• Is the belief that is driving my emotion true?

3. Intention

And once I’ve paid a bit of attention, and move into intention, moving to exploration: 

  • What behaviours, thoughts, meanings don’t serve me? 
  • What do I want to change them to?

4. Action

Whether you’re in awareness, attention, or intention, every time you drive, you move into the Action quadrant, and that is where those aggressive exchanges are eliminated.

11:50 We can revert back to our subconscious beliefs when we’re not paying attention 

12:22 Letting our emotions dissipate

Jill Bolte Taylor wrote a book “My Stroke of Insight” based on her own experience of having a brain aneurysm. She mentioned that when you are triggered and you feel that intensity of the emotion in your body, if one can be aware of it and notice it and validate it and just be with it for 90 seconds, it actually dissipates. 

Acting when triggered puts you in a heightened aggressive state

If you are triggered and you instead act on it and reinforce it with a story and a justification as to why that behaviour is okay in that moment, it puts you in a heightened aggressive state.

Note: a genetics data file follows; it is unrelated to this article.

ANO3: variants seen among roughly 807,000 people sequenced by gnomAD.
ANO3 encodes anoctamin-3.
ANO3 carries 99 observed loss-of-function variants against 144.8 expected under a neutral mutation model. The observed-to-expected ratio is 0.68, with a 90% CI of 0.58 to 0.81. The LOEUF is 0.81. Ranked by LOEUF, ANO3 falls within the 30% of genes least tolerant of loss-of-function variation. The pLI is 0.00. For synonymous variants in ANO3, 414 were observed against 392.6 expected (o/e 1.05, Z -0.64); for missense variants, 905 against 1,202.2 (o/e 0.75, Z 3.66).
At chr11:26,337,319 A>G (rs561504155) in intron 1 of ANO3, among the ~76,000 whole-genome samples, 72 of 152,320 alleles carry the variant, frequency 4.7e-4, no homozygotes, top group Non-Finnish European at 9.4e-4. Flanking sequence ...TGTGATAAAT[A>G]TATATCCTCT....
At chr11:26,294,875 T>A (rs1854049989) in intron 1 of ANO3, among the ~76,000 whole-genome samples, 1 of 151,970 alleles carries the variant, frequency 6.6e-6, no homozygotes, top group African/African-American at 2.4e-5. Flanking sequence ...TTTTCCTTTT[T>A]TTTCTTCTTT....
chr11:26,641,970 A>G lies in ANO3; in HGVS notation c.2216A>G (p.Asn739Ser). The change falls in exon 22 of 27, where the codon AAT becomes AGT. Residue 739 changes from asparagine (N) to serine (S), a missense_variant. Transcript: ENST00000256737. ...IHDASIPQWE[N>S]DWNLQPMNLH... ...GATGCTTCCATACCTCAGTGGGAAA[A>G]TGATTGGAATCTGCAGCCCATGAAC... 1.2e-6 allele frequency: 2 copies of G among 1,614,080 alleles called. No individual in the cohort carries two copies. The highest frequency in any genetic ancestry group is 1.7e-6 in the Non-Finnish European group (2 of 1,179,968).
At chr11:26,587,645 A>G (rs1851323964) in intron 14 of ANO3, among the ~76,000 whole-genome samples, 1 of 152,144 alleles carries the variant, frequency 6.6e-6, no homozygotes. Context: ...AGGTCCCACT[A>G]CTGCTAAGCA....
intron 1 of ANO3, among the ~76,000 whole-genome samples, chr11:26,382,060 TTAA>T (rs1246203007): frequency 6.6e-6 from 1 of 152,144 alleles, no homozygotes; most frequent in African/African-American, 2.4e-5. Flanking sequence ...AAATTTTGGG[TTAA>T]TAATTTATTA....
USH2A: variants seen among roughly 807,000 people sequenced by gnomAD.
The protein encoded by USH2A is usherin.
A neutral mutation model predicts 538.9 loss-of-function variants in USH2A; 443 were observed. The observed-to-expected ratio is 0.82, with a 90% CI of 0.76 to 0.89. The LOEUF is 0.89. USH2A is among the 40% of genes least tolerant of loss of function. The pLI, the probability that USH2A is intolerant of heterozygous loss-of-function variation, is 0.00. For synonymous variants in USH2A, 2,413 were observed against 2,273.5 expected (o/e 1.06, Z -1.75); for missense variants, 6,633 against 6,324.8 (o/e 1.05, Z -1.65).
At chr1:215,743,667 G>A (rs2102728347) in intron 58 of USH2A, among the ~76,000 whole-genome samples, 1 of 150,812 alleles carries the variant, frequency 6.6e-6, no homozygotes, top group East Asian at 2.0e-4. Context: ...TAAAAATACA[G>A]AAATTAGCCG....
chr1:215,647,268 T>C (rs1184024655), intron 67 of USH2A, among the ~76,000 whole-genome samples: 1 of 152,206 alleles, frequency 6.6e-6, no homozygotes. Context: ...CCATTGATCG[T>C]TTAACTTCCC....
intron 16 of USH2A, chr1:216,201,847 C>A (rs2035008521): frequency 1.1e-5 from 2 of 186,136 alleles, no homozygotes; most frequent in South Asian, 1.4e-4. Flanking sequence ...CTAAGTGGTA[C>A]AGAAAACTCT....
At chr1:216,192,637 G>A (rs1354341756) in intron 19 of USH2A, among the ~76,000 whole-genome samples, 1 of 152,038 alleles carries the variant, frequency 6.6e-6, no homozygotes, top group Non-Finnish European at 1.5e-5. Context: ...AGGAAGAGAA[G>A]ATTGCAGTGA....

The consequence of that heightened aggressive state and prolonged stress in life is ill health. But its impact behind the wheel is potentially instantaneous and fatal.

14:24 Link between aggressive exchanges and fatalities

“Just by each of us reducing our aggressive exchanges per day, it’s amazing how quickly you reduce the fatalities.” – Keith

We can save ~ 3000 lives each year by doing two less aggressive exchanges per day

In South Africa, if the 12 and a half million of us (drivers) reduce our aggressive exchanges by two a day, each year that works out to 2,957 fewer fatalities; 9,473 fewer serious injuries; 21,100 fewer minor injuries; and over 105,000 fewer damage-only incidents. 

16:51 How we drive shines a light on our life’s story

“I believe that driving is just a microcosm of the greater society.” – Keith